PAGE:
The Ford family has a history of fixing potholes — and northern Ontario has a lot of those

OPINION: If the Tories want to improve their standing in the northeast, filling potholes might be the way to go, writes Andrew Autio
By Andrew Autio - Published on June 14, 2018
a pothole on a highway
Poor road surface quality is a frequent gripe in Timmins, Sudbury and elsewhere in the northeast. (iStock.com/kozmoat98)

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TIMMINS — Northeastern Ontario delivered few surprises on election night, once again mostly sending New Democratic MPPs to represent it at Queen’s Park.

The Progressive Conservatives had made a point of courting northern Ontario voters during the campaign. Party leader (and now premier-designate) Doug Ford visited Timmins twice and promised to pay close attention to the city and its  people. He told a standing-room-only crowd in Timmins on May 1 that far too much of the money generated in the north was being filtered down into the coffers at Queen's Park, doing very little for the region.

“Those days are done,” he said. “The money is going to start flowing back to the northerners.”

If the PCs hope to ever make a bigger dent in the predominantly orange north, committing to fixing roads could help. And it just so happens that patching up bad roadwork has been a central part of the Ford family’s approach to politics in the past.

When Doug Ford’s late brother, Rob, was mayor of Toronto, Doug was serving as a city councillor. The pair became known for their commitment to tending to relatively small issues their constituents raised — including potholes. As Toronto Life reported in 2012, “[Rob Ford] can often be found driving around the city tending to the hundreds of calls about potholes and cratered sidewalks that pour into his office. For Ford, answering such taxpayer complaints has become a personal crusade — some say an obsession.”

In northern Ontario, navigating the roads safely has long been a concern, regardless of who's been in power at Queen's Park. Potholes are so ubiquitous that they have become a defining part of the landscape. (As have auto body shops.)

The region is struggling to keep up with repairs to critical road infrastructure, and motorist frustration is rampant — when a municipality spends a dime on anything other than road repairs, outrage explodes on local social media.

Most cities in northern Ontario cope with bad roads, but Algonquin Boulevard — Timmins’ crater-filled main thoroughfare — is among the most notorious. In 2015, Algonquin Boulevard West topped the Canadian Automobile Association's “Worst Roads in Ontario” contest.

Algonquin Boulevard East came second.

The road is a so-called Connecting Link, a section of provincial highway that runs through a municipality. Sault Ste. Marie, North Bay, Kirkland Lake, and Kapuskasing also have Connecting Links within their boundaries.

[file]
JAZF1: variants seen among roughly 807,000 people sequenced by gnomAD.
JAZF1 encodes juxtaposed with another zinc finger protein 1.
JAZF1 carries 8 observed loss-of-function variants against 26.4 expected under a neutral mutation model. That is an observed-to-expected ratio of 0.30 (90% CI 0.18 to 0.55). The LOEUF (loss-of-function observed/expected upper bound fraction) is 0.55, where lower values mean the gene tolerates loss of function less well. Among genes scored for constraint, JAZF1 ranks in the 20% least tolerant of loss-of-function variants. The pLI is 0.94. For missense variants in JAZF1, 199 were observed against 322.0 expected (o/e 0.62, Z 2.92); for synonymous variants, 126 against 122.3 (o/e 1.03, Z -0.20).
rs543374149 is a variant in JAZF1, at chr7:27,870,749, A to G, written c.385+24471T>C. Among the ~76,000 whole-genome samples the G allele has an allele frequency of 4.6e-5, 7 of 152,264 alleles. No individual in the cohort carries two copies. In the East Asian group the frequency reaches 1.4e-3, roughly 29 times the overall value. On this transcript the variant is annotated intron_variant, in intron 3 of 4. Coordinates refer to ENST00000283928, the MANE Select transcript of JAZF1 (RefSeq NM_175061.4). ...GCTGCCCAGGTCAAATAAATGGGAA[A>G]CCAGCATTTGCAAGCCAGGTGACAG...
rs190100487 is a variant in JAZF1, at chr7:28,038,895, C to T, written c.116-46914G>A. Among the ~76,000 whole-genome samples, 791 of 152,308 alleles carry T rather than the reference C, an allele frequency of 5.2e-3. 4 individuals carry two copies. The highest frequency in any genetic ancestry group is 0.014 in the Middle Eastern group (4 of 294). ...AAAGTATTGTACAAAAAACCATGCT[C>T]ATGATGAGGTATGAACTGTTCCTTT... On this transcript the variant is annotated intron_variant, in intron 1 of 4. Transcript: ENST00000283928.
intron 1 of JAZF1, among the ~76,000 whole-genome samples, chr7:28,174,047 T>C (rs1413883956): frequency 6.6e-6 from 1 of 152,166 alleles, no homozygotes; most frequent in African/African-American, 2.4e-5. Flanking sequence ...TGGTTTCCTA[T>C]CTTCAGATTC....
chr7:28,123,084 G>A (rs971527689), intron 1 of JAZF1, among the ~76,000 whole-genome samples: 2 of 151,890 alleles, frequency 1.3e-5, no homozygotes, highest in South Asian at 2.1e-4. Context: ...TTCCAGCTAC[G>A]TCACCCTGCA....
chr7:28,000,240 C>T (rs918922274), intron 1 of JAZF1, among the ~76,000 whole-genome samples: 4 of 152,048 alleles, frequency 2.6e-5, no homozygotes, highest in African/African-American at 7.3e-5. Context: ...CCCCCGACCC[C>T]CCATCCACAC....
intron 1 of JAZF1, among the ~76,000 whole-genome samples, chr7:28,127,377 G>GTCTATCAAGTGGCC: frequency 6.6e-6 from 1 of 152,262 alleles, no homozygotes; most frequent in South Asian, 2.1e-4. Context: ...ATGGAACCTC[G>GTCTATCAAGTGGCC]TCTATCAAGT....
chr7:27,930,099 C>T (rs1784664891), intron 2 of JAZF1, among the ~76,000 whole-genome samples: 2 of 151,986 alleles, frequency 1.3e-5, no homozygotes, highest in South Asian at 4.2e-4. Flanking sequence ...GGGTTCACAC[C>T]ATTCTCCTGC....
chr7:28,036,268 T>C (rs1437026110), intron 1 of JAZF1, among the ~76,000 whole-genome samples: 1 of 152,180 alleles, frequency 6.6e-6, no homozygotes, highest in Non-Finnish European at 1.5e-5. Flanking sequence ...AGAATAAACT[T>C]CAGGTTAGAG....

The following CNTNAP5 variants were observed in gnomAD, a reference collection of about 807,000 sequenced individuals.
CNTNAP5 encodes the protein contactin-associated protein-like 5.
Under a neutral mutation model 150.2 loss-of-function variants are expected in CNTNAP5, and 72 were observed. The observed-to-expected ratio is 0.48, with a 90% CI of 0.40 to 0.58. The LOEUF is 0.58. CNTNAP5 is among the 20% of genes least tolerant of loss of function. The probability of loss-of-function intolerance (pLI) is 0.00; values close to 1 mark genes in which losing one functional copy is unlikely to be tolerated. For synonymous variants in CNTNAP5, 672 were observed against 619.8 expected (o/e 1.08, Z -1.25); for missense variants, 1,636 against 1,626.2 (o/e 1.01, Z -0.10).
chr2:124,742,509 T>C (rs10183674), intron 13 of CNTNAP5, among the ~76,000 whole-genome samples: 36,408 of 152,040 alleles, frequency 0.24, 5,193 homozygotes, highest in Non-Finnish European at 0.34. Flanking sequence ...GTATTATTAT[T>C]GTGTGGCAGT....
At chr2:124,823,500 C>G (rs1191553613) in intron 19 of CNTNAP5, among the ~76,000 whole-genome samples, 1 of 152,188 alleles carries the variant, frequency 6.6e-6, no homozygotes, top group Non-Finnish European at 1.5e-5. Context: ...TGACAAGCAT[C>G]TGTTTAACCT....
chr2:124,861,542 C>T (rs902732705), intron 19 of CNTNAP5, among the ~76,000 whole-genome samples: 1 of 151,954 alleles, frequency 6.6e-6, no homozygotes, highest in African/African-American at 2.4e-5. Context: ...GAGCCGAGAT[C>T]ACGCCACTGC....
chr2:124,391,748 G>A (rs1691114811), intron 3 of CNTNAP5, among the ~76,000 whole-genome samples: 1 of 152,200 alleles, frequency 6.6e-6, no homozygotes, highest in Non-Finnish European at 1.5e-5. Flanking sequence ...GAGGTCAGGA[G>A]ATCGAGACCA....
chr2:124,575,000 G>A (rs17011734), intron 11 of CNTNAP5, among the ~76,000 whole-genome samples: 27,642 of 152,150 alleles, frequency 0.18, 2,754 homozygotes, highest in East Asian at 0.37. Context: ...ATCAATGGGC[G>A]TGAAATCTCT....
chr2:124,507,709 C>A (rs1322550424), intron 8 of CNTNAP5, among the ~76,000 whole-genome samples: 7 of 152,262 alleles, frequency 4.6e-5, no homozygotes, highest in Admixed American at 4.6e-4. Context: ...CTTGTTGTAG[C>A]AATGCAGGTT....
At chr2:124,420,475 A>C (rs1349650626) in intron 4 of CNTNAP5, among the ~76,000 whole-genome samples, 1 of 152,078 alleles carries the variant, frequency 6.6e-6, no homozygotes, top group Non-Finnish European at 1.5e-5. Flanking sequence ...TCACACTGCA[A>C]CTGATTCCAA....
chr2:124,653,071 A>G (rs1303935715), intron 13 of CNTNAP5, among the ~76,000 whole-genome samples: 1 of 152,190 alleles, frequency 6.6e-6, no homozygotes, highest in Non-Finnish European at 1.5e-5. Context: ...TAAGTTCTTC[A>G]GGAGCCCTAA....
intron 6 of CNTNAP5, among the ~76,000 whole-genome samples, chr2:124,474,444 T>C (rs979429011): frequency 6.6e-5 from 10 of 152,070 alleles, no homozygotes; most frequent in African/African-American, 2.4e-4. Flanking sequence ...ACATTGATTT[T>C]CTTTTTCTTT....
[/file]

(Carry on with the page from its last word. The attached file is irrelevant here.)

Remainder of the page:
The province used to cover 90 per cent of the cost of maintaining these roads, but under Mike Harris’s PC government, the burden on municipalities multiplied.

“When Harris came to government, he downloaded those roads onto municipalities,” says Gilles Bisson, the NDP MPP for the riding of Timmins. “I think it's extremely unfair to municipalities like Timmins, or Kapuskasing, or Sudbury … that they're essentially having to maintain the lion's share of a provincial highway that runs through their town.”

Bisson says the province desperately needs to revisit the Connecting Links funding program, as the $30 million sprinkled across Ontario each year just isn't cutting it.

The City of Timmins is in the midst of a 10-year plan to reconstruct the 21.2-kilometre stretch of its Connecting Link at an estimated cost of $120 million. The city received $3 million in 2016 and another $3 million in 2018 — the maximum annual payout under the program. That doesn't go very far in roadwork terms: Timmins refurbished just 1.4 kilometres of Algonquin Boulevard in 2016.

And in 2017, Timmins was shut out altogether.

Simply put, Bisson says, municipalities cannot afford the cost of maintaining quasi-highways within their boundaries. “We, as a province, should be playing a larger role when it comes to the maintenance of that road,” he says. “Something has to give here.”

As premier, Ford will probably not take a page directly from his late brother’s book and personally see to road repairs on city streets. But a commitment to smoothing over rough roads in the north could go a long way to improving his party’s standing there.

Andrew Autio is a freelance journalist based in Timmins.

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